Of all the pre-release press for Death Cab For Cutie’s seventh full-length album, Codes And Keys, the most intriguing came from an interview with Spin Magazine, in which songwriter Ben Gibbard confessed to dealing with alcoholism and told of a particularly eyebrow raising incident involving beers, shots, and – gasp – pizza. And while it is easy to scoff at what many twenty-somethings would consider a typical Wednesday night (as SF Weekly and Hipster Runoff did), calling to mind Bob Saget jumping up and shouting “I used to suck dick for coke,” it points to a major issue within the construction of the band Death Cab For Cutie.
See, as a singer, Ben Gibbard has never shied away from serious subject matter. Though his keen eye for detail on “What Sarah Said” and “Styrofoam Plates” dealt pointedly with loss and death, Gibbard’s paper-thin voice has often been a take-it-or-leave-it commodity at the front of an always competent backing band, overshadowing his keen ear for an ear-worm melody. When hearing him sing, the question has to be asked: do I believe him? On songs with less at stake, like the longing love songs that Death Cab absolutely nails (“Transatlanticism,” “I Will Follow You Into The Dark”), it is easier to give Gibbard the benefit of the doubt. And even on the aforementioned weightier material, numbers wound up as successes because Death Cab were a modest and sincere-seeming band. But now, on Codes And Keys, where Gibbard is seemingly as unrelatable as ever, issues of believability and trust find themselves on shaky ground, as does Death Cab For Cutie’s future as a critical darling.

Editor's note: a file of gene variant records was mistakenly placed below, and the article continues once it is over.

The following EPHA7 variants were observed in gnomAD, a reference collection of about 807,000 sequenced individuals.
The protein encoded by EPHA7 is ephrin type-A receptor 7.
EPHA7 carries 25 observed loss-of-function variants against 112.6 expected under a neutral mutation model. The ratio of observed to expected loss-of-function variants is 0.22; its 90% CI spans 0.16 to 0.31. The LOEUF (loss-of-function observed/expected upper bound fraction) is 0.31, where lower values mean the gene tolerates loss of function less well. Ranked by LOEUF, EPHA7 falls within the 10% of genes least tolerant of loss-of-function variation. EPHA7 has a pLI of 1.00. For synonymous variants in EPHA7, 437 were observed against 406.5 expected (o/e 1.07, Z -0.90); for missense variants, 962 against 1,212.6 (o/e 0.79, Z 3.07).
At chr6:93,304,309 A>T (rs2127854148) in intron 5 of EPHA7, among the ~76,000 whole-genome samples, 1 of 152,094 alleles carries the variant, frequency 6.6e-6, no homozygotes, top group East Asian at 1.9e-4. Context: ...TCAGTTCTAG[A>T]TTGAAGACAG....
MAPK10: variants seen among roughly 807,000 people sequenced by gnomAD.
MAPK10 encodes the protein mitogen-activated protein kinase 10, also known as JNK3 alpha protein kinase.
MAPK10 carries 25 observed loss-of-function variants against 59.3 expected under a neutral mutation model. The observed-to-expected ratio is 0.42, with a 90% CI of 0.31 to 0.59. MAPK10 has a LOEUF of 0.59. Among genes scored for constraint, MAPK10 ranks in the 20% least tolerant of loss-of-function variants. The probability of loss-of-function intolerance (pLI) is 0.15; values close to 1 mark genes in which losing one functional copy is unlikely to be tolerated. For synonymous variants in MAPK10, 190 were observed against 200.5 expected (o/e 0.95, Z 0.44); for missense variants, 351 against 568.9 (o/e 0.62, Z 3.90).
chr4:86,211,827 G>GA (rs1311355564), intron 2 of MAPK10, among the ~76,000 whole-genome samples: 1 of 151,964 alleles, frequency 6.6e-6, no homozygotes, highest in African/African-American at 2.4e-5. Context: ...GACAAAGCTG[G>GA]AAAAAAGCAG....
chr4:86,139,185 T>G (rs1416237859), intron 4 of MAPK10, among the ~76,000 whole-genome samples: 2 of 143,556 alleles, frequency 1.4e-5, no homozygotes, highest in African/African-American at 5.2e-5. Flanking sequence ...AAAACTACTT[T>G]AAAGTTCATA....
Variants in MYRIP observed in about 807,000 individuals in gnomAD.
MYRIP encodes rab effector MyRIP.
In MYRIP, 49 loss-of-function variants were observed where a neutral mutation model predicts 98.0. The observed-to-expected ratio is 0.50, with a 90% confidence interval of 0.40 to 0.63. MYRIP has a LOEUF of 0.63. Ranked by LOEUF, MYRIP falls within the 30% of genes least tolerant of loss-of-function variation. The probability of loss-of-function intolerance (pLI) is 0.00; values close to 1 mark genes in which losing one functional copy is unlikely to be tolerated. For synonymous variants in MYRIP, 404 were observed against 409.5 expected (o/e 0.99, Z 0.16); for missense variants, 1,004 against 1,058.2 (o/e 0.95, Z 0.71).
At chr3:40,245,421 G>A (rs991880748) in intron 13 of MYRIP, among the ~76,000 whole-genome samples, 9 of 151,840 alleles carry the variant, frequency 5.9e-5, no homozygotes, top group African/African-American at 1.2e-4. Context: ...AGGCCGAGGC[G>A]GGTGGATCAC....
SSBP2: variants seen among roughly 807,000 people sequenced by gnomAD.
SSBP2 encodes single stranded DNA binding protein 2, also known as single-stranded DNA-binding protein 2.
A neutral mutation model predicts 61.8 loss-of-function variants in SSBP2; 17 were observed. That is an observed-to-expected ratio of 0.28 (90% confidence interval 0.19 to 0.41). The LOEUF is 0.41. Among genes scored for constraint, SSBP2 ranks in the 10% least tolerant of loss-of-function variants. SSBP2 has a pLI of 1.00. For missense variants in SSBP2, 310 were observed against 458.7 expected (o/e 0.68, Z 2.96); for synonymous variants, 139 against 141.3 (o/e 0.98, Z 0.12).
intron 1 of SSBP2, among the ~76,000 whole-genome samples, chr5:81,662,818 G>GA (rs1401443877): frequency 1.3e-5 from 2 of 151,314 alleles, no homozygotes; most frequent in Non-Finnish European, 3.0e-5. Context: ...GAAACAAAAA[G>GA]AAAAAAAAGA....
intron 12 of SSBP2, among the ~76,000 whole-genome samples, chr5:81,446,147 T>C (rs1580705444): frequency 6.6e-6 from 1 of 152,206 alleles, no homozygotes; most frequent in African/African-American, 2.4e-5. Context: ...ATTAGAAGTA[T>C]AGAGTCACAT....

Luckily, the band’s place as a commercial force is on solid footing and Codes And Keys should do nothing to harm that. From top to bottom, there is not a weak song on the record, and nearly every cut showcases not only Gibbard’s melodic gift (and it is certainly a gift), but also the production work of bandmate Chris Walla. From a pure engineering and recording standpoint, the album works both as a departure from previous material, with nearly no guitar crunches or over-the-top arrangements, but also a logical next-step for the never complacent group. “Doors Unlocked And Open” is a smooth and tense racer, driving forward in third gear like Spoon do at their best, never falling for the obvious distortion climax that the band used thrive on. “Some Boys” also applies graceful pressure, combining Gibbard’s dragonswing lyrical plays with the hint that the song is building toward a cliched payoff. When that payoff never comes, and the song is, rather, revealed to be just carefully layered harmonies and piano parts, the audience is rewarded with not only a refreshing version of Death Cab For Cutie, but also the realization that age and maturity may be suiting the band well.
But, while all the pieces for a good, if not great, album seem to be in place, the complete puzzle is frayed on the edges and lacks binding to hold it all together. The flawed element, though, isn’t hard to pinpoint and identify. It is the star of nearly every song – Ben Gibbard. Yes, it is the personality, i.e. the lyrics and voice, that sags and weighs down Death Cab, where that used to be the selling point. Often times on Codes And Keys, it seems that Gibbard is tapping a dry well and his semi-clever turns of phrase feel forced, or even trite. Instead, we get multiple lines dwelling on the architecture of a church and a song that is literally called “Stay Young Go Dancing,” whose lyrics holds about as much insight as that phrase does. Gibbard is notably less mopey on a whole, and well, it makes the songs that aren’t optimistic or lofty seem dubious. “Underneath The Sycamore,” instead of coming across as the emotionally immediate track that it tries to be, winds up as a contrived exercise in vagueness, which even the specificity of the tree can’t save.
This dichotomy of capable musicianship with lackluster lyrics ultimately makes Codes And Keys a tough sell. Sure, it is pleasant enough to listen to in the background, but too much thought or analysis finds a record that is rather shallow, which is so far from the thinking-kids’ soundtrack that the band has built a career out of. The end result is an unfortunate fact that while Death Cab For Cutie seems as capable as ever at expressing themselves, they are running out of things to say. Or, at least, things worth hearing.
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